test: Here are all the tests of our package. It is very important to run tests to have a good continuous integration in the future when other people contribute to our package. I am not going to delve into this part too much because the tests do not influence the pub points.
README.md: Present in all open source repositories. This file explains what it is, how to use it, and what the benefits are of using our package.
CHANGELOG.md: This file shows us the update history and the changes in each of the updates. This file is important, as having it adds pub points to our package. In addition, this file is widely used by developers when it comes to seeing updates or managing the versions of their dependencies.
LICENSE: The license that the package will have is placed here. It is very important that all open source software is licensed. It is recommended not to leave this file blank.
After having the initial structure of our package, the following is the hardest thing to do: Develop it!
And this part is totally yours. Some recommendations:
That the names of all variables and functions are understandable.
Follow a good language style as much as you can: https://dart.dev/guides/language/effective-dart/style
Have all your functions well documented. This is very important as it influences your pub points: https://dart.dev/guides/language/effective-dart/documentation
For this tutorial, I have chosen one of my packages paulonia_cache_image. I have added new functionality and fixed a few bugs.
After you finish developing your package and it is ready to be used, first verify how many pub points the package would have if it was uploaded as-is at this moment. Fortunately, the tool used to rate the packages when uploading them is open source and we can use it to verify our score before uploading our package. I’m talking about [pana] (https://pub.dev/packages/pana).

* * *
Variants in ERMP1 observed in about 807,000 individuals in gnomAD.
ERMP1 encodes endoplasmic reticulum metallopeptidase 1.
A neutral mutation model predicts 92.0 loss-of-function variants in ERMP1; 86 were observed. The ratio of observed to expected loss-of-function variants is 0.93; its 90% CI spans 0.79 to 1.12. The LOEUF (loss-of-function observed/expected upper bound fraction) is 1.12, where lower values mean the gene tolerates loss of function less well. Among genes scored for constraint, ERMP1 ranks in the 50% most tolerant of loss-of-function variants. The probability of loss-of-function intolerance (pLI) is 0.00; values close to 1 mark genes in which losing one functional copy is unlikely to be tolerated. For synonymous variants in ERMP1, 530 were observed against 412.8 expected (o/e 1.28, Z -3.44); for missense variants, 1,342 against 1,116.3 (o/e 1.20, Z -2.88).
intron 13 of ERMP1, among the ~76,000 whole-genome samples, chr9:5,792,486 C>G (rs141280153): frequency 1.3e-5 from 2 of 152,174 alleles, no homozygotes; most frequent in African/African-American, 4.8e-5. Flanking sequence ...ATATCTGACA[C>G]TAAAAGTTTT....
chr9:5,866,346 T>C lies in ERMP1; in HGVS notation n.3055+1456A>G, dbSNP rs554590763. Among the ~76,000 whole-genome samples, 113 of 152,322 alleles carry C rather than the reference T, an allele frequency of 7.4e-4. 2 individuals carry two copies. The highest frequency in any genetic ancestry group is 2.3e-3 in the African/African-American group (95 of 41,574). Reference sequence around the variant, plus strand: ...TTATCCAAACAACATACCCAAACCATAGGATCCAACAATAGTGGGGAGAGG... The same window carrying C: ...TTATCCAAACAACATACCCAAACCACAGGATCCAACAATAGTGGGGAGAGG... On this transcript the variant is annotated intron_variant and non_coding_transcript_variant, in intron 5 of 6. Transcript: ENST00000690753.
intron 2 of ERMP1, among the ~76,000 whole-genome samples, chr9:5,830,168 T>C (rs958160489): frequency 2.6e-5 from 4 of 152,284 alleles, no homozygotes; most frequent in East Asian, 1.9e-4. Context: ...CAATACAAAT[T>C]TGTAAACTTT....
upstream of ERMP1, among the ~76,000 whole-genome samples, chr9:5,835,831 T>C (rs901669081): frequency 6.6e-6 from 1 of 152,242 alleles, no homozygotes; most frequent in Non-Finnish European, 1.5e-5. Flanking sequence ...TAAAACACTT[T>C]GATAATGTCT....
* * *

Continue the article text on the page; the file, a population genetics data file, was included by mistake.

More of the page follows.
To install it with Flutter use:
> flutter pub global activate pana
It is advisable to make a copy of the package since
pana adds some files after the evaluation, which we surely do not want to be uploaded to our repository. Then we can run the command:
> flutter pub global run pana paulonia_cache_image_copy
pana generates a report of the analysis of our package and tells us how many points our package would have.
As you can see in the image, the new version of my package does not reach the maximum pub points. We go to the beginning of the report and look section by section to see the points we have and the points we are missing.
Provide a valid
pubspec.yaml: This refers to filling in the basic information of the application: the name, the description, the version, the homepage, and the link of the repository.
Provide a valid
README.md: This refers to not having an empty Readme or having the basic Readme that is generated when creating the package.
Provide a valid
CHANGELOG.md: Like the Readme, this refers to not having an empty Changelog.
Package has an example: This refers to having the example developed.
20% or more of the public API has dartdoc comments: This refers to the code being documented. This part does not appear in the